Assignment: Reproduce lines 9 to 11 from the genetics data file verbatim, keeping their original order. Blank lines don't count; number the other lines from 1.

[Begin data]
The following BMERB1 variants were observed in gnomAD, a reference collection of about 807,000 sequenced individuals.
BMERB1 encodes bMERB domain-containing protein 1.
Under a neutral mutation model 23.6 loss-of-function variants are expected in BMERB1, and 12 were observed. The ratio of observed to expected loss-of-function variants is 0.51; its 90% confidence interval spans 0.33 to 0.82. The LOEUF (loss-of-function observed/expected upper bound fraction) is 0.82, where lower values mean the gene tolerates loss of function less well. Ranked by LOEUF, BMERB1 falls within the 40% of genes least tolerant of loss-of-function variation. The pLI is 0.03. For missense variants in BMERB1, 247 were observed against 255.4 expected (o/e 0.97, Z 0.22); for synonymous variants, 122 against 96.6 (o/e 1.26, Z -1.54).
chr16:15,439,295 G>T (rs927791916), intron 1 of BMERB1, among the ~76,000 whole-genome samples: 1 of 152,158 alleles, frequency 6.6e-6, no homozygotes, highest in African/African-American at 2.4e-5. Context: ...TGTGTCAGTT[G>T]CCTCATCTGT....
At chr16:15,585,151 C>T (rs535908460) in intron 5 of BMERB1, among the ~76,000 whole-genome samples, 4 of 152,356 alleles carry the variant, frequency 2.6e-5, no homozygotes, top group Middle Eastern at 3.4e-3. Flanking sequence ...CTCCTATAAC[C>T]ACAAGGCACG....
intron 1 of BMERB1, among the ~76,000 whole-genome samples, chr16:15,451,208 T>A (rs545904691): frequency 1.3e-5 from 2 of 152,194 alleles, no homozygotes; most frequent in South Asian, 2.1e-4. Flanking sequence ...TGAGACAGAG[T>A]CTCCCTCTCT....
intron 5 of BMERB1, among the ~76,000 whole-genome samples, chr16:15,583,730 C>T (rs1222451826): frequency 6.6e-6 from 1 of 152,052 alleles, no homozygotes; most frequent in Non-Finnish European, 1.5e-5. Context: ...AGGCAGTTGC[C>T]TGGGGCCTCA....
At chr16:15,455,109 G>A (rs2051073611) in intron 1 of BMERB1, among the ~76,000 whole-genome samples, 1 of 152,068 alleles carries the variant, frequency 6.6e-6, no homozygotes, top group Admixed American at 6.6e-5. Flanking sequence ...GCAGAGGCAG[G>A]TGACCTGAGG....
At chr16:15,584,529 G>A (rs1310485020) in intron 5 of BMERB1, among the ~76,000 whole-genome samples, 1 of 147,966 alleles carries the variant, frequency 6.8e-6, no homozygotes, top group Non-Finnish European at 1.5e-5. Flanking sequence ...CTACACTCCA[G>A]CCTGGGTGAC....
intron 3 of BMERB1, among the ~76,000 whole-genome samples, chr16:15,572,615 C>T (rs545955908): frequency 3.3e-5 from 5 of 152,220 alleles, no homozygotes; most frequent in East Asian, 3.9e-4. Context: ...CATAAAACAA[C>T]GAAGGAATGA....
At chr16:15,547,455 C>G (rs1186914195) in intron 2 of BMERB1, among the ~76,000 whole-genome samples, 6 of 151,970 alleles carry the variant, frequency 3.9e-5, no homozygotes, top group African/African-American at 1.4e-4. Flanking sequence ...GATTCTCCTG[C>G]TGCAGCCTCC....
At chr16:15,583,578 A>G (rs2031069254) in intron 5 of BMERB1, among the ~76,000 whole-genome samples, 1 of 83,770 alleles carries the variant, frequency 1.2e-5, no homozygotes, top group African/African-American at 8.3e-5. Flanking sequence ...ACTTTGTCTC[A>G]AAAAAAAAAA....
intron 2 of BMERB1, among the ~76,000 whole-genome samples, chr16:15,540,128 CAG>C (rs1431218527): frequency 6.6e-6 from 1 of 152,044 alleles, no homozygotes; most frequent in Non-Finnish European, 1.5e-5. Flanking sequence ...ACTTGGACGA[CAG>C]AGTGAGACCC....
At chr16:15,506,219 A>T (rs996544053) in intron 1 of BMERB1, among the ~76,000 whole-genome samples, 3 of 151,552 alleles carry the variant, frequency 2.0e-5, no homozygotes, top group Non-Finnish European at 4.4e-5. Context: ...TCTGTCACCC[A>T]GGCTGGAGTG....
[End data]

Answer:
At chr16:15,584,529 G>A (rs1310485020) in intron 5 of BMERB1, among the ~76,000 whole-genome samples, 1 of 147,966 alleles carries the variant, frequency 6.8e-6, no homozygotes, top group Non-Finnish European at 1.5e-5. Flanking sequence ...CTACACTCCA[G>A]CCTGGGTGAC....
intron 3 of BMERB1, among the ~76,000 whole-genome samples, chr16:15,572,615 C>T (rs545955908): frequency 3.3e-5 from 5 of 152,220 alleles, no homozygotes; most frequent in East Asian, 3.9e-4. Context: ...CATAAAACAA[C>T]GAAGGAATGA....
At chr16:15,547,455 C>G (rs1186914195) in intron 2 of BMERB1, among the ~76,000 whole-genome samples, 6 of 151,970 alleles carry the variant, frequency 3.9e-5, no homozygotes, top group African/African-American at 1.4e-4. Flanking sequence ...GATTCTCCTG[C>G]TGCAGCCTCC....